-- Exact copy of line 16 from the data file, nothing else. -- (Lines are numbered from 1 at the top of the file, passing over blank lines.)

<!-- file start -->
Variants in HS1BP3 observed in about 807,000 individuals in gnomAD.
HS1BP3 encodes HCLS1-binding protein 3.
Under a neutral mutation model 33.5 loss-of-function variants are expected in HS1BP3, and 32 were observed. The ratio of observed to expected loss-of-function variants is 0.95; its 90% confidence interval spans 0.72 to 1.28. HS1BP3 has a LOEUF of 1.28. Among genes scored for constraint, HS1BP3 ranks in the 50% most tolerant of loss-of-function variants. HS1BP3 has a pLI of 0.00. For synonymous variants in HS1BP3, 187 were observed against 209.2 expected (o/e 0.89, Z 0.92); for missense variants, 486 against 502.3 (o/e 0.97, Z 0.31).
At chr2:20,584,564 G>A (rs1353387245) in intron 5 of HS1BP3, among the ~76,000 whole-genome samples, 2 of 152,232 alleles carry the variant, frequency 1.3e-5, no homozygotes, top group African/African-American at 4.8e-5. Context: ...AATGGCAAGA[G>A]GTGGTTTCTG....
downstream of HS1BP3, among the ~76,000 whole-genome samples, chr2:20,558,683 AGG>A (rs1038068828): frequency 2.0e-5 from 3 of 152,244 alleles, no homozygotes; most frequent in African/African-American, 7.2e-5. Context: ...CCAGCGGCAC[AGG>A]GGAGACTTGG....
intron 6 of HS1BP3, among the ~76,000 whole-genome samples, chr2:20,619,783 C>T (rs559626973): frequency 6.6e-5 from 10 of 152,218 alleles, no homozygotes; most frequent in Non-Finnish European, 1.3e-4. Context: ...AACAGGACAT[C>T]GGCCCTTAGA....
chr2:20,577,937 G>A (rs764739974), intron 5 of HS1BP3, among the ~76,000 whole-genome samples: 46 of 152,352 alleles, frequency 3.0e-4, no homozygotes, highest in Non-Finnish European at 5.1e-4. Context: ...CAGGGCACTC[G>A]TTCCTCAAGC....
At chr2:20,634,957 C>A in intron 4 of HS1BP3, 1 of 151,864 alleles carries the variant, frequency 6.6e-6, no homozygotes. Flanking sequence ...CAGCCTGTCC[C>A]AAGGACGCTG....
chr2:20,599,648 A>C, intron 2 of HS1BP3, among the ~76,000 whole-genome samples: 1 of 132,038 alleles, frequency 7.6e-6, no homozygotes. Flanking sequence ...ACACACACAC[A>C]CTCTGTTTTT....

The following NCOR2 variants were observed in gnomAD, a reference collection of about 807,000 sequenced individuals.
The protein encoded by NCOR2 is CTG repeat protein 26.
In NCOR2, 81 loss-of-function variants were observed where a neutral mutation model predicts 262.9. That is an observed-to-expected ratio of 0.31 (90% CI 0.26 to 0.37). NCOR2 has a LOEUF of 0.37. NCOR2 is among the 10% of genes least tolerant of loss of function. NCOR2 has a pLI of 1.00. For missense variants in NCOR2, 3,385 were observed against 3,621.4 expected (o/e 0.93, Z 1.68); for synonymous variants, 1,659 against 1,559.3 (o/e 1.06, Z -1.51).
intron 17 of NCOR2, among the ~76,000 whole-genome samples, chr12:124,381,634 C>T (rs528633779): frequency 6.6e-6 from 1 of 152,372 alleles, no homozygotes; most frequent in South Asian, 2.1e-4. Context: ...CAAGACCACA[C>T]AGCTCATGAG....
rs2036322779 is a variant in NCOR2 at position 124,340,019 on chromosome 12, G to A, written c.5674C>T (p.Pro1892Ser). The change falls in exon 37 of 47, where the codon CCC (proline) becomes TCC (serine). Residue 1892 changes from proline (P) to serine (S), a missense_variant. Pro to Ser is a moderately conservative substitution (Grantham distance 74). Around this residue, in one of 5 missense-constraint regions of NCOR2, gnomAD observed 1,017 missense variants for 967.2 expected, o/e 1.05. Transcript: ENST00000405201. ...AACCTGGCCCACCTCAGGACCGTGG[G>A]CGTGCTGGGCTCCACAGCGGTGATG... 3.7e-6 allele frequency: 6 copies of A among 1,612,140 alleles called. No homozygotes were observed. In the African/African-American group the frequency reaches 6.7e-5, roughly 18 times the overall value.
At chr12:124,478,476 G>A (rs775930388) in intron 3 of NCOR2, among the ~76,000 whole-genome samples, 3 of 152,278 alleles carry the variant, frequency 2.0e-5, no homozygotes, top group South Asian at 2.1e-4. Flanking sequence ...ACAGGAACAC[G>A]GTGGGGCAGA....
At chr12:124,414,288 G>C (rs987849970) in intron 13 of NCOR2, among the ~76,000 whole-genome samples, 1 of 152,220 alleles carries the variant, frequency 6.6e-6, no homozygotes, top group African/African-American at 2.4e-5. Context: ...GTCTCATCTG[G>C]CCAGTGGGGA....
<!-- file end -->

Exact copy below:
At chr12:124,414,288 G>C (rs987849970) in intron 13 of NCOR2, among the ~76,000 whole-genome samples, 1 of 152,220 alleles carries the variant, frequency 6.6e-6, no homozygotes, top group African/African-American at 2.4e-5. Context: ...GTCTCATCTG[G>C]CCAGTGGGGA....